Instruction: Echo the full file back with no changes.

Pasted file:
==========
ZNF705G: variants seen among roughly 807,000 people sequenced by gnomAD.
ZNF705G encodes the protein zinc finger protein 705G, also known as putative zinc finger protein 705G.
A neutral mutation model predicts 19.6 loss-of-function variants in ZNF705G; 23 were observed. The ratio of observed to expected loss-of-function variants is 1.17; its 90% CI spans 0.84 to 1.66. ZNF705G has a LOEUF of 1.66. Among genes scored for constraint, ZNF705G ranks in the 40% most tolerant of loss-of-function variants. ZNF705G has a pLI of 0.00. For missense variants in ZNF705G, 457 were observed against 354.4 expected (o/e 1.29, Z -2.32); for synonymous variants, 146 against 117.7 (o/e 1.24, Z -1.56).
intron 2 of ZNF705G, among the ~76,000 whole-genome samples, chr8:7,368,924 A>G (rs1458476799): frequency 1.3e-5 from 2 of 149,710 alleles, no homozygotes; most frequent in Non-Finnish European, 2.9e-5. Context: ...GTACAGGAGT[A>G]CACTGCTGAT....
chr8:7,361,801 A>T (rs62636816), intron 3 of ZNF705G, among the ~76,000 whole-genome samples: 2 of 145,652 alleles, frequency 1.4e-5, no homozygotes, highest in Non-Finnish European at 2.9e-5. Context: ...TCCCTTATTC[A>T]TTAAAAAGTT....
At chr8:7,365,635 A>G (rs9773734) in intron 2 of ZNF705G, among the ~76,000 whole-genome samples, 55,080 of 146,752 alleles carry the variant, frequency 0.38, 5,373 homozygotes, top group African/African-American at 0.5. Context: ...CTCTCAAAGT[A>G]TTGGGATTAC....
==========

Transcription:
ZNF705G: variants seen among roughly 807,000 people sequenced by gnomAD.
ZNF705G encodes the protein zinc finger protein 705G, also known as putative zinc finger protein 705G.
A neutral mutation model predicts 19.6 loss-of-function variants in ZNF705G; 23 were observed. The ratio of observed to expected loss-of-function variants is 1.17; its 90% CI spans 0.84 to 1.66. ZNF705G has a LOEUF of 1.66. Among genes scored for constraint, ZNF705G ranks in the 40% most tolerant of loss-of-function variants. ZNF705G has a pLI of 0.00. For missense variants in ZNF705G, 457 were observed against 354.4 expected (o/e 1.29, Z -2.32); for synonymous variants, 146 against 117.7 (o/e 1.24, Z -1.56).
intron 2 of ZNF705G, among the ~76,000 whole-genome samples, chr8:7,368,924 A>G (rs1458476799): frequency 1.3e-5 from 2 of 149,710 alleles, no homozygotes; most frequent in Non-Finnish European, 2.9e-5. Context: ...GTACAGGAGT[A>G]CACTGCTGAT....
chr8:7,361,801 A>T (rs62636816), intron 3 of ZNF705G, among the ~76,000 whole-genome samples: 2 of 145,652 alleles, frequency 1.4e-5, no homozygotes, highest in Non-Finnish European at 2.9e-5. Context: ...TCCCTTATTC[A>T]TTAAAAAGTT....
At chr8:7,365,635 A>G (rs9773734) in intron 2 of ZNF705G, among the ~76,000 whole-genome samples, 55,080 of 146,752 alleles carry the variant, frequency 0.38, 5,373 homozygotes, top group African/African-American at 0.5. Context: ...CTCTCAAAGT[A>G]TTGGGATTAC....